Kimberly Hulst (KimberlyHulst) | 76 comments Jessica wrote: "Kimberly wrote: "Deb wrote: "Another interesting question might be: Do you think Mr. Darcy was "in want" of a wife? Mr. Bingley seems more receptive and engaging, but Mr. Darcy holds himself back..."

True.
Let's not forget that is is suppose to be engaged to Lady Catherine de Bourgh 's daughter at this point in the story. He might not even be really thinking that he is needing to be looking for a wife of his own choosing. Nor do we really know what his feelings to Miss Bingley were before that first ball when he meets Elizabeth.




message 27: by SarahC, Austen Votary & Mods' Asst. (new)

SarahC (sarahcarmack) | 1473 comments Mod
Is there a place in the novel that makes us think he was committed to that "they were intended from birth" with Miss de Bourgh? Also, I dont remember getting any sense of attachment to Caroline Bingley either. Was that all just wishes (and delusions!) on that part of the women?

If there is not sense of what Darcy was thinking before maybe that is why Pamela Aidan and others have been so tempted to explore Darcy and his own thoughts in their modern novels.


message 28: by [deleted user] (new)

Mr. Darcy is very independent. I can't believe he'd allow anybody to arrange a marriage for himself. I'm sure the 'engagement' was of Lady de Bourgh's own assumption.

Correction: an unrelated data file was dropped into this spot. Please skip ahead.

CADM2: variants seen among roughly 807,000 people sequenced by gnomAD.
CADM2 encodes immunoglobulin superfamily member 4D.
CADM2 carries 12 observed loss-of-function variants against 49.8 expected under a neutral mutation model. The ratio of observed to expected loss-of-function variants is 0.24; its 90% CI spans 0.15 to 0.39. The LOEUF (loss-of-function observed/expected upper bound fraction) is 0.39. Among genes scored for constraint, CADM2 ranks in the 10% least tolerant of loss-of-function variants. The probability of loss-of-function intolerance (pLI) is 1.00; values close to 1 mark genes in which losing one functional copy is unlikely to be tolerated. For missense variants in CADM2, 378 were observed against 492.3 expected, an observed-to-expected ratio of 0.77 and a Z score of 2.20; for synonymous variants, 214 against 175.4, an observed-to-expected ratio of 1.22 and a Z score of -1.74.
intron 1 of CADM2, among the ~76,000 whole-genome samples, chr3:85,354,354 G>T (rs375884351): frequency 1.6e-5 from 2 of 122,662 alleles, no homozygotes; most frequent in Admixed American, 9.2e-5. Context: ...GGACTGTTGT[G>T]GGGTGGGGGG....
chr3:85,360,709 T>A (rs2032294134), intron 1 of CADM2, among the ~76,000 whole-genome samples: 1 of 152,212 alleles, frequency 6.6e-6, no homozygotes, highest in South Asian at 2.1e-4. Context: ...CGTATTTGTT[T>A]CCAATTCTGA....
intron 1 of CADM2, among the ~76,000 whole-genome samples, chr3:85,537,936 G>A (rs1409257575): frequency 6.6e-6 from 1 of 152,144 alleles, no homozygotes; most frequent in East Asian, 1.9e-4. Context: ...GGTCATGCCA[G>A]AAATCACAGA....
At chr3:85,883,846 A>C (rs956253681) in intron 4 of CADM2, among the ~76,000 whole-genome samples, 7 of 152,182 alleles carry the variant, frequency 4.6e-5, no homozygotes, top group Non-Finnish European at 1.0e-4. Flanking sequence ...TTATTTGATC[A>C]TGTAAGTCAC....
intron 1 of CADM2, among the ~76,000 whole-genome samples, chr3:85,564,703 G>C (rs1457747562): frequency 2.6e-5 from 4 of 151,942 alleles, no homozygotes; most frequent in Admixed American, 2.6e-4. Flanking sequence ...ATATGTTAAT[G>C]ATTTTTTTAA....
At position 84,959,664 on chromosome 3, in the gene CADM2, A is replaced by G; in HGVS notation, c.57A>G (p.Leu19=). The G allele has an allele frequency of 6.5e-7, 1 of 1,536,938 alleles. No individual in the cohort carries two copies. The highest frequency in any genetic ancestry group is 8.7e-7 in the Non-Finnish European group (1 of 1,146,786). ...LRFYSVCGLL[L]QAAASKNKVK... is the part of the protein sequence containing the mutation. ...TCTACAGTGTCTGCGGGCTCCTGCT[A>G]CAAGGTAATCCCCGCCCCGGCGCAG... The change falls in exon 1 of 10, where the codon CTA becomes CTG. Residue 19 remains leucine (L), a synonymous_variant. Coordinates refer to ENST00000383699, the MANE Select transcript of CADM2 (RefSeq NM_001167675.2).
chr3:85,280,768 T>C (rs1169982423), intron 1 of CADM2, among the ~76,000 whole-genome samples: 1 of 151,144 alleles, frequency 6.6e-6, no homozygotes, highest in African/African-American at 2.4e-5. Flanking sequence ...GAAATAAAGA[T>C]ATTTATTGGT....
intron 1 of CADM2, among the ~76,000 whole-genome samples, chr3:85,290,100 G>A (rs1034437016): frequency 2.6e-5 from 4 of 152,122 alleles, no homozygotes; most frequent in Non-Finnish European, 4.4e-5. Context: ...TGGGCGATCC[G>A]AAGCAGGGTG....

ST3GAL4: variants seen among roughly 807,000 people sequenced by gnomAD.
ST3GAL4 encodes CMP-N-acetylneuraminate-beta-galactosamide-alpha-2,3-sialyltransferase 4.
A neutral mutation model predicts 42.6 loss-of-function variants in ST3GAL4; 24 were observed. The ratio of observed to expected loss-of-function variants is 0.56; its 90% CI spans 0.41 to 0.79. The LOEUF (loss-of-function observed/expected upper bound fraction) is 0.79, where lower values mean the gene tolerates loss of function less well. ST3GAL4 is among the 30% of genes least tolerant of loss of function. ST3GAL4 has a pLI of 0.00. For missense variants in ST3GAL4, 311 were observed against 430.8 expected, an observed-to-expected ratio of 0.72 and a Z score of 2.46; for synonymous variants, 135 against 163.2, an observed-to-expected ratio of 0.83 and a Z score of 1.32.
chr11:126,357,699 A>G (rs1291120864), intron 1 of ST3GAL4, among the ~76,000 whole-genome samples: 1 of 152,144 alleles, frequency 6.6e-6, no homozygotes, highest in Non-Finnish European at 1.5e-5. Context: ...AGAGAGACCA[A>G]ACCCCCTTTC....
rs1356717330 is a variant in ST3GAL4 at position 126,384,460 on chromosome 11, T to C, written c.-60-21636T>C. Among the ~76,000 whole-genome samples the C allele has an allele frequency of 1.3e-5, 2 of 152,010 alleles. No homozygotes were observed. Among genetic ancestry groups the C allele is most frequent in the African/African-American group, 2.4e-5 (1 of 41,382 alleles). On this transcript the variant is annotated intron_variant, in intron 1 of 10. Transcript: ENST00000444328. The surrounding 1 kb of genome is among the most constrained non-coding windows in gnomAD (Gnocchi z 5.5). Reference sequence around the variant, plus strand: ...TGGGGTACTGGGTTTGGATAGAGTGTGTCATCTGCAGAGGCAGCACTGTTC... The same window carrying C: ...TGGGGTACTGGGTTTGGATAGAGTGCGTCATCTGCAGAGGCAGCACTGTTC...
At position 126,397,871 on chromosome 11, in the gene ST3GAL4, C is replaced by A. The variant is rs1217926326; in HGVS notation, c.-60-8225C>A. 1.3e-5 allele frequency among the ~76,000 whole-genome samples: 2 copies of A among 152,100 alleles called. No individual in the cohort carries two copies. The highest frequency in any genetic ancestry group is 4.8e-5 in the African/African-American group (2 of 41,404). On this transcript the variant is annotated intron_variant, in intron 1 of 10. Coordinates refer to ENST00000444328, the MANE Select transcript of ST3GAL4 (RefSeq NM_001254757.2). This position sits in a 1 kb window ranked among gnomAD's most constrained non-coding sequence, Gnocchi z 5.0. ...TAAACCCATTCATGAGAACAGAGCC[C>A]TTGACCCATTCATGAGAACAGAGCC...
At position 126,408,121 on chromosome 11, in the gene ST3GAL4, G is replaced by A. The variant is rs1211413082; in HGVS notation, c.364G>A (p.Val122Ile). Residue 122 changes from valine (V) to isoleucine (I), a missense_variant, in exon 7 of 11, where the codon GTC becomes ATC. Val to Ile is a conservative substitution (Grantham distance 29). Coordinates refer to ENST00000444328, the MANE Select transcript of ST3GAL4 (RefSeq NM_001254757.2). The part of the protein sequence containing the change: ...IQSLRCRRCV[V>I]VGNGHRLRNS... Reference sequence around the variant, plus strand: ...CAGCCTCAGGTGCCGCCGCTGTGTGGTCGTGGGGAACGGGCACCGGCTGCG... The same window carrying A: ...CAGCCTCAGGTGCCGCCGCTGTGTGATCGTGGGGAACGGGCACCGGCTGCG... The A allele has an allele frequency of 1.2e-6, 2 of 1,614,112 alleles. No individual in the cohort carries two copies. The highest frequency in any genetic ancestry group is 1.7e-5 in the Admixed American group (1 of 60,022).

message 29: by DebK (new)

DebK | 16 comments Kimberly wrote: "Jessica wrote: "Kimberly wrote: "Deb wrote: "Another interesting question might be: Do you think Mr. Darcy was "in want" of a wife? Mr. Bingley seems more receptive and engaging, but Mr. Darcy ho..."

Then that leads me to another question: Do we have any reason to believe that he considered himself bound to Miss De Bourgh. I don't see it. He is constrained only by the expectations of others, particularly women, i.e., his mother and Lady Catherine.


message 30: by DebK (new)

DebK | 16 comments Ashley wrote: "Hello, I'm new to this group so, I'm not sure how this works. Can any of us at anytime ask questions?If so, I have a question.
Do you think elizabeth's first impression of mr. darcy was justified?"


Yes -- he insulted her, even if she did laugh it off.



message 31: by [deleted user] (last edited Jan 31, 2009 09:21AM) (new)

Deb, i agree. Honestly, if I were at a ball (ok total fantasy here) and a gentleman refused to dance and refused to hold a conversation and then I over hear him insult me, well I wouldn't be too thrilled with him either. I would consider him too proud and look for any reason to continue to dislike him.